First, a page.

Espace Horloger - Vallée de Joux
1347 Le Sentier
T. +41 21 845 75 45
As a reader of this blog I'm sure you already know that in the Vallée de Joux there lives a number of high end watchmaking manufactures. Audemars Piguet, Blancpain, Breguet and Jaeger-LeCoultre just to name a few. There are also numerous smaller maisons such as Daniel Roth, movement manufactures such as Dubois Depraz, and a number of parts makers such as Francois Golay. What you may not know is that there is also a very nice little watchmaking museum up in the mountains - Espace Horloger, believe it or not. And it's only a short stroll from Manufacture Jaeger-LeCoultre.
This was a surprising little gem, and apart from a permanent exhibition on watchmaking and the history of, there is also a section of temporary exhibition which as the name suggests, changes from time to time. The tour guide is well versed in multiple languages, is extremely knowledgeable and very humorous to boot. The building that houses the museum used to be a 'maison' for watchmaking and on the top floor, a section is preserved from back in the days when watchmaking activities were the norm. You get a first hand view on how things were like 200 years ago.
However, don't assume that just because there are a lot of history in the museum, it's all... well... historical. It also utilises some of the fanciest 21st century technology. Ok, the first one, a 3D movie about watchmaking in the Vallée de Joux isn't exactly breathtakingly high tech these days, but the next bit of technology comes almost straight out of the movie Minority Report. You have a huge touch screen table, with a number of 'discs' on the side. Place the disc on the touch screen and it comes alive, with a touch menu extending out of the disc and onto the screen. Choose from the menu and it takes you through a journey right there in front of you. Move the disc and the whole thing moves with it. Personally I didn't think this sort of technology was available to the public! There are also watchmaking lessons on the big touch screen, where you can 'virtually' build your own watch, then email the final product to yourself.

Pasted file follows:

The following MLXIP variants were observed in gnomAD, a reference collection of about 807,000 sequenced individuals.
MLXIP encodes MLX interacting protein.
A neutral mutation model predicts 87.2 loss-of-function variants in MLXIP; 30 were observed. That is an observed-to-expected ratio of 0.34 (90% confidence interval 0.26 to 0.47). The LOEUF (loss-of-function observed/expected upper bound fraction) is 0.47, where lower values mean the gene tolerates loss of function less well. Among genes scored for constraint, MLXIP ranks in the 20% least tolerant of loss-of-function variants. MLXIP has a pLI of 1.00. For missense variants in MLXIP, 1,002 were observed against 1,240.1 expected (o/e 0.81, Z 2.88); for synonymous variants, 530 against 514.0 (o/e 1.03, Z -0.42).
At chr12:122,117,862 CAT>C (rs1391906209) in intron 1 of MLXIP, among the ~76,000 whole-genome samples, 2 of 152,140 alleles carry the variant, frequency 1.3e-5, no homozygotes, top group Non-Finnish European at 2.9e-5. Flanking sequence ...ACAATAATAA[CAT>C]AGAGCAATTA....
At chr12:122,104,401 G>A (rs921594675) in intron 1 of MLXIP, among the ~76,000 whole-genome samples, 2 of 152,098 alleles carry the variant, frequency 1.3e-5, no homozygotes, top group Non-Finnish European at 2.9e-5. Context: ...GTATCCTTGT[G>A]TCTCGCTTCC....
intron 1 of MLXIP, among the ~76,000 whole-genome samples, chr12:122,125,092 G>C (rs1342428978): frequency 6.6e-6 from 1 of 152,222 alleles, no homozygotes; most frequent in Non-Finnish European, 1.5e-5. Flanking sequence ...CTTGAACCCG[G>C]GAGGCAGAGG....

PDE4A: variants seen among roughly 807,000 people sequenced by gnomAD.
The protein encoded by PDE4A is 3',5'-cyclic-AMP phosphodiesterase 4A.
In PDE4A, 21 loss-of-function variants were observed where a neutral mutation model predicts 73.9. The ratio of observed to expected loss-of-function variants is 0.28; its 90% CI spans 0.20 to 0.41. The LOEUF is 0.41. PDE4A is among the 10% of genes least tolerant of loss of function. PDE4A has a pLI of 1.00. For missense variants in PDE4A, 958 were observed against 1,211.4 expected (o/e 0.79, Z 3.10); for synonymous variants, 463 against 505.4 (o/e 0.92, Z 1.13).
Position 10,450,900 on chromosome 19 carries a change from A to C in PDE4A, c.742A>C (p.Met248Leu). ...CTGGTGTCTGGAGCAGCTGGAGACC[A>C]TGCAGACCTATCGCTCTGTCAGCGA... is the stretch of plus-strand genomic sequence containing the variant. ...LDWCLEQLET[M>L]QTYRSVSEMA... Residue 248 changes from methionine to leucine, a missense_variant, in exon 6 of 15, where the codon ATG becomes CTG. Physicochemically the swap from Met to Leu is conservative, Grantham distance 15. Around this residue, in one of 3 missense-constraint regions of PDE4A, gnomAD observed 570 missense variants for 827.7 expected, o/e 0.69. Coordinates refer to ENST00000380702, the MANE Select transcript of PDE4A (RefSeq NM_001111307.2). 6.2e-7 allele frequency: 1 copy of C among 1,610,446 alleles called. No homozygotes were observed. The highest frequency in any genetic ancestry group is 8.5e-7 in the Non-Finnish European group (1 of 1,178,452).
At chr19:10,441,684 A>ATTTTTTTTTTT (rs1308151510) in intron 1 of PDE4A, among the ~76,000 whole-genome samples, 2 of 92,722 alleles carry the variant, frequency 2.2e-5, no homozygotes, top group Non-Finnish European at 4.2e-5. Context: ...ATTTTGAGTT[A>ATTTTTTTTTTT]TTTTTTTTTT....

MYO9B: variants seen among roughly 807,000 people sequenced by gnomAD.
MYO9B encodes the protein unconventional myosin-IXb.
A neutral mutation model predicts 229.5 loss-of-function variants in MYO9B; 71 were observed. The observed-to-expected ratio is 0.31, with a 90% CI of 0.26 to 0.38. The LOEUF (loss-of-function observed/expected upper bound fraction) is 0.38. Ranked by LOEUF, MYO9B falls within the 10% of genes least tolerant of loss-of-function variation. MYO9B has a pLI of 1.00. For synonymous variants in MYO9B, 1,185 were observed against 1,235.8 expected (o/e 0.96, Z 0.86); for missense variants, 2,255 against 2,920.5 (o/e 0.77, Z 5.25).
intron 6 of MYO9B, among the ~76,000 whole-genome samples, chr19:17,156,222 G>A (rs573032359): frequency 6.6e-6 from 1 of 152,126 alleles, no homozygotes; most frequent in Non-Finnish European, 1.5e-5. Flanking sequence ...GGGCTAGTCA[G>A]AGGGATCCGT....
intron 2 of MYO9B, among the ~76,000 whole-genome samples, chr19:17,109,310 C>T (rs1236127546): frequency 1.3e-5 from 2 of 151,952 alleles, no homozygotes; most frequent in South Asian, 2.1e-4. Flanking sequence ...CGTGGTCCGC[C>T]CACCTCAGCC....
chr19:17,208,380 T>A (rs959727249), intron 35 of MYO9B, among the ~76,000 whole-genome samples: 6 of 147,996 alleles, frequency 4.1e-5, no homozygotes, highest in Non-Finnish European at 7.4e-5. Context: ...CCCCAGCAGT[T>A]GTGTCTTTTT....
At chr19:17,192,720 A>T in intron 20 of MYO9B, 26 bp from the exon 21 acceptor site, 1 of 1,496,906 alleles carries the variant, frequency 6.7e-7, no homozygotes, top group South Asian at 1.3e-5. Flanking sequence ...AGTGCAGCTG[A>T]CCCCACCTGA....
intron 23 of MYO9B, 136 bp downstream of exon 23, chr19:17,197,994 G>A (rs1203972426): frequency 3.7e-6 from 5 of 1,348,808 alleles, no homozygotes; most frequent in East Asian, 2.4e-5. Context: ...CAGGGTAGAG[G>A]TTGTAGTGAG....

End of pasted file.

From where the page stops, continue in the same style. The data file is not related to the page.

At the moment the temporary exhibition is all about the Audemars Piguet Royal Oak, and on exhibition is the extremely rare and sought after Royal Oak A series, amongst others. Over on the more permanent exhibition, there are items ranging from clocks, animatrons, watchmaking tools including an example of the millionometre as invented by Antoine LeCoultre, and various watches on display. I won't spoil it for you. The images here are just a small sample of what's on show. It is a definite must for all watch enthusiasts. Especially if you're already making the trek up the gorgeous sweeping mountain passes (no need for an Aston Martin, a Golf will do nicely) to the Vallée de Joux to visit the various Manufactures.
Oh, and if you prefer to read the old fashioned (proper) way, they also have a ton of various watch literature for sale.
Thanks to my contact in the Vallée de Joux for the images and the heads-up on this place!